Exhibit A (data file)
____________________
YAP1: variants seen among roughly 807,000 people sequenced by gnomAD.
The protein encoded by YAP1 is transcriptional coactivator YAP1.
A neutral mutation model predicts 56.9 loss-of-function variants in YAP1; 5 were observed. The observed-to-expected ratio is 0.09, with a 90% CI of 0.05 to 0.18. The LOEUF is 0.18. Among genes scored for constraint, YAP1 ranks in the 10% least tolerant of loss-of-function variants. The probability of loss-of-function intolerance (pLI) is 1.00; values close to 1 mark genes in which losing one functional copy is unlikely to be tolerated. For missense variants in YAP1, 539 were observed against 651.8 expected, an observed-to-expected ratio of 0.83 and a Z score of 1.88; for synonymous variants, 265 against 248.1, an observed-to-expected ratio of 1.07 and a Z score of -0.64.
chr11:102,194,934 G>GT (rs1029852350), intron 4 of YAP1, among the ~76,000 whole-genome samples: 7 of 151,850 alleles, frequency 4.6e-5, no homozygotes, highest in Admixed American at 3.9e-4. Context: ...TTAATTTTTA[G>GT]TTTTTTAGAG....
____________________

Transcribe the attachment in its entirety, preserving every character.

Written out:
YAP1: variants seen among roughly 807,000 people sequenced by gnomAD.
The protein encoded by YAP1 is transcriptional coactivator YAP1.
A neutral mutation model predicts 56.9 loss-of-function variants in YAP1; 5 were observed. The observed-to-expected ratio is 0.09, with a 90% CI of 0.05 to 0.18. The LOEUF is 0.18. Among genes scored for constraint, YAP1 ranks in the 10% least tolerant of loss-of-function variants. The probability of loss-of-function intolerance (pLI) is 1.00; values close to 1 mark genes in which losing one functional copy is unlikely to be tolerated. For missense variants in YAP1, 539 were observed against 651.8 expected, an observed-to-expected ratio of 0.83 and a Z score of 1.88; for synonymous variants, 265 against 248.1, an observed-to-expected ratio of 1.07 and a Z score of -0.64.
chr11:102,194,934 G>GT (rs1029852350), intron 4 of YAP1, among the ~76,000 whole-genome samples: 7 of 151,850 alleles, frequency 4.6e-5, no homozygotes, highest in Admixed American at 3.9e-4. Context: ...TTAATTTTTA[G>GT]TTTTTTAGAG....